What Does it Mean to Confess Christ?


Whosoever therefore shall confess Me before men,
him will I confess also before My Father Which is in Heaven.

But whosoever shall deny Me before men,
him will I also deny before My Father Which is in Heaven

(Mt. 10:32-33).

He that loveth father or mother more than Me is not worthy of Me:
and he that loveth son or daughter more than Me is not worthy of Me.

And he that taketh not his cross, and followeth after Me,
is not worthy of Me

(Mt. 10:37-38).

Then answered Peter and said unto Him, Behold, we have forsaken all,
and followed Thee; what shall we have therefore?

And Jesus said unto them, Verily I say unto you,
That ye which have followed Me,
in the regeneration when the Son of Man shall sit in the throne of His glory,
ye also shall sit upon twelve thrones, judging the twelve tribes of Israel.

And every one that hath forsaken houses, or brethren, or sisters,
or father, or mother, or wife, or children, or lands, for My name’s sake,
shall receive an hundredfold, and shall inherit everlasting life.

But many that are first shall be last; and the last shall be first
(Mt. 19:27-30).

The Gospel tells us about some difficult things…

that are carried out by the saints. The first or second time I went to Holy Mount Athos, I visited Burazeri—a Russian cell with Greek monks living in it, including two Cypriot monks. At that time, I was trying to decide whether to stay on the Holy Mountain. This was 1976, when the Holy Mountain was completely cut off from the world, and on Cyprus they didn’t even know about the existence of Athos—because, I remember, we had to take entrance exams for school, and my knowledge was so “broad” that for the question about where Christ was born, I wrote on the test: “On the Holy Mountain,” instead of Bethlehem.

And why did I write that? Because I had no connection with religion, but I remembered a New Year’s song about Ayavasil (Greek Santa Claus) and the Holy Mountain, or something like that. These things got connected in my head, and I wrote, “On the Holy Mountain.”

And when I got there, I began wavering about whether or not I should stay. I both wanted to stay and was afraid to stay, because I kept thinking, what about my mother, what will happen to Cyprus?... I had the thought: “What will happen if a war breaks out on Cyprus and I’m here?” As if I could save Cyprus with my presence… a hero! What nonsense can people come up with! I thought: “And if a war starts, and I’m here? How will I be able to endure it?” I felt like a fighter on the front line of this war!

At noon, we were gathering for lunch. And I had such thoughts swirling around my head. At that time, there were no lotus flowers in Cyprus—now there are. And here, one monk of holy life, now reposed, Fr. Ioannikios, a Cypriot monk, said to me:

“Let’s go eat a lotus!”

“What kind of fruit is that?” I asked.

“They don’t have it in Cyprus. It’s the same thing that Odysseus ate and then forgot about Ithaca.”

“What are you saying?” I gasped.

“Eat it, and you’ll forget about Cyprus!” he said jokingly.

But I was so naïve and stupid that I told him I didn’t want any. So I didn’t eat any. I believed him that if I ate it, I’d forget about Cyprus!

He told me:

“Come on! Eat it—nothing bad will happen to you!”

“No, no, it’s out of the question!” I refused.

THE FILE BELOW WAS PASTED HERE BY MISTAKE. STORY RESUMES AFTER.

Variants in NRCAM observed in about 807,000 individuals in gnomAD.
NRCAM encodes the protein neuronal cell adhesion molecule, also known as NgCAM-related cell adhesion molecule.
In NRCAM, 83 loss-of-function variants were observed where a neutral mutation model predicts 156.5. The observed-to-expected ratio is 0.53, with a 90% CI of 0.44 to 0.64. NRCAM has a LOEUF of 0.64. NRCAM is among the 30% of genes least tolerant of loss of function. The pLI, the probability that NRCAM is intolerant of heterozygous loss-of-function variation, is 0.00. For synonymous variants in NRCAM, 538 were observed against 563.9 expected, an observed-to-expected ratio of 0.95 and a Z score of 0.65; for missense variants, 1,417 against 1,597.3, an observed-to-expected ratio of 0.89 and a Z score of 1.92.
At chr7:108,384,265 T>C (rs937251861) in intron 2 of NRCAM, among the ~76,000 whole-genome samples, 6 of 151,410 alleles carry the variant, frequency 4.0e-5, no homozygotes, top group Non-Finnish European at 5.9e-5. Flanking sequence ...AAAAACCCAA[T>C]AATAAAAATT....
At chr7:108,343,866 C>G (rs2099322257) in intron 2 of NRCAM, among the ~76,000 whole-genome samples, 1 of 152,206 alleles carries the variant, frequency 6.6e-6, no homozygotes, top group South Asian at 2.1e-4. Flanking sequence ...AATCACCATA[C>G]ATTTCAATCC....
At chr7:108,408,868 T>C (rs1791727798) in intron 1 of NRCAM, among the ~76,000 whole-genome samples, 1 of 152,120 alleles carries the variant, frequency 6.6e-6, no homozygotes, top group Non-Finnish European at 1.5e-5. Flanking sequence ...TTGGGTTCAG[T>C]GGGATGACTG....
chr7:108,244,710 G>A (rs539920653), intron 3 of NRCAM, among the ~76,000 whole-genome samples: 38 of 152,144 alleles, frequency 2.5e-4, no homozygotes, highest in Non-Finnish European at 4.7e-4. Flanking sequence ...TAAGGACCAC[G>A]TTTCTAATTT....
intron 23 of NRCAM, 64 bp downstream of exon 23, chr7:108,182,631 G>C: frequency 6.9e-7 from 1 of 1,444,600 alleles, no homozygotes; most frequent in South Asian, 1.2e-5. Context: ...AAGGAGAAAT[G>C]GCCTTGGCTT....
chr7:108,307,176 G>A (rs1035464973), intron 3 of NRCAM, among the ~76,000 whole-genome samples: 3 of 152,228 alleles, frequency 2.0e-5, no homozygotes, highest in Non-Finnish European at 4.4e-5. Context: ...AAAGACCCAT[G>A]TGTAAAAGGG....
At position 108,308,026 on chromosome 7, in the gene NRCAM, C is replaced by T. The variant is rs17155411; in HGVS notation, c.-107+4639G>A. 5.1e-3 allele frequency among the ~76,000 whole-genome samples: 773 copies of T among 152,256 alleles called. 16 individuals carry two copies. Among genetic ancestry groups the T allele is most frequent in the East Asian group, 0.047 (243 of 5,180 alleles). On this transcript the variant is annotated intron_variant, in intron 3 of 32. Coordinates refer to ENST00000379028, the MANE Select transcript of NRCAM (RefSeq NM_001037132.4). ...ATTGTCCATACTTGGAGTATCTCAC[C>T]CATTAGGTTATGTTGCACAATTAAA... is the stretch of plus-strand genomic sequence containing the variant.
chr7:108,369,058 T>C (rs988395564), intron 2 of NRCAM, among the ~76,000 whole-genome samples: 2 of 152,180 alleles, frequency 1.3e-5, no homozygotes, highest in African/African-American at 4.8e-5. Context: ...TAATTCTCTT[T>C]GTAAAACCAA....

The fathers laughed, so silly and ridiculous my stubbornness was. But I didn’t want to, I couldn’t even think about forgetting Cyprus.

So, the words of Christ are heavy…

because it’s difficult when you hear: “Leave everything! Leave your mother, father, brothers, children, land, houses, knowledge, everything!” Christ says absolute things here to help us stop being wimpy and become strong, lively people.

Behind every person who follows Christ there’s a hidden rejection of many things. You can’t follow Christ unless you decide to give up something. Of course, if you stay in the world, you won’t have to renounce your mother or your mother-in-law—especially her—or your boss, or anyone else, but you’ll certainly have to renounce your will, your passions, selfishness, avarice, sensuality, vainglory—and these things are harder to give up than others.

One young man came to us, intending to become a monk on the Holy Mountain. He had renounced his parents, his friends, his degrees, money, only he couldn’t give up his stamp collection! He couldn’t! When the Elder saw a pile of albums in his cell, he asked:

“What’s that?”

“Stamps, Geronda.”

“And why did you bring them here? What do you need them for?”

“I’ve loved collecting stamps since I was a little boy.”

“Well, alright, since you brought them here,” (and it was winter), “then they’ll be good for kindling the stove! Now, when we light the stove, burn them bit by bit!”

And this poor fellow turned pale, then green, then he blushed, and said:

“I can’t do that.”

“Well, if you can’t, then take them and leave!”

That was it! There was no second word from the elders. I went to the man and told him:

“So, you left your mother, father, and brothers, but these pathetic little stamps you can’t give up?”

And the Elder was categorical:

“Either burn them or get out!”

And when he saw me coming to him, he added:

“And it won’t be anyone else who burns them! You’re not going to give them to Fr. Athanasios to burn them—you’re going to burn them yourself!”

I tried to intercede for him:

“Isn’t a shame to destroy such lovely stamps? Geronda, he worked so hard to collect them. Okay, so we’re not going to keep them for ourselves—what do we need them for in the desert? But let’s keep them, and maybe some young man will come, and he’ll give them to him to enjoy.”

“No! He’s going to burn them himself!”

And that’s what happened. If any stamp expert is listening to us, I’m afraid what trouble it’ll give us. But such things aren’t valued there on the Holy Mountain.

Christ is absolute in order to help a man be brave…

so he won’t be cowardly, fearful, half-hearted. Christ clearly says:

Whosoever therefore shall confess Me before men, him will I confess also before My Father Which is in Heaven. But whosoever shall deny Me before men, him will I also deny before My Father Which is in Heaven
(Mt. 10:32-33).

These words of Christ have filled the Church with martyrs. Millions of martyrs who have suffered immeasurable, inhuman torments, and not only adults. Let’s say a man of thirty or thirty-five—okay, he can endure them; he’s being tortured, but he’s a warrior. But little children, little girls? St. Marina was fifteen, St. Barbara was sixteen, St. Irina was a young woman, St. George was twenty, St. Stephen also was twenty. Or babies. St. Cyricus was three; St. Valerian was sixteen-months-old when the emperor took him from his mother and asked:

“Who is the true God?”

The child replied:


Then he threw him from the throne right onto the marble floor, and the child died. A martyr of the Church. A saint.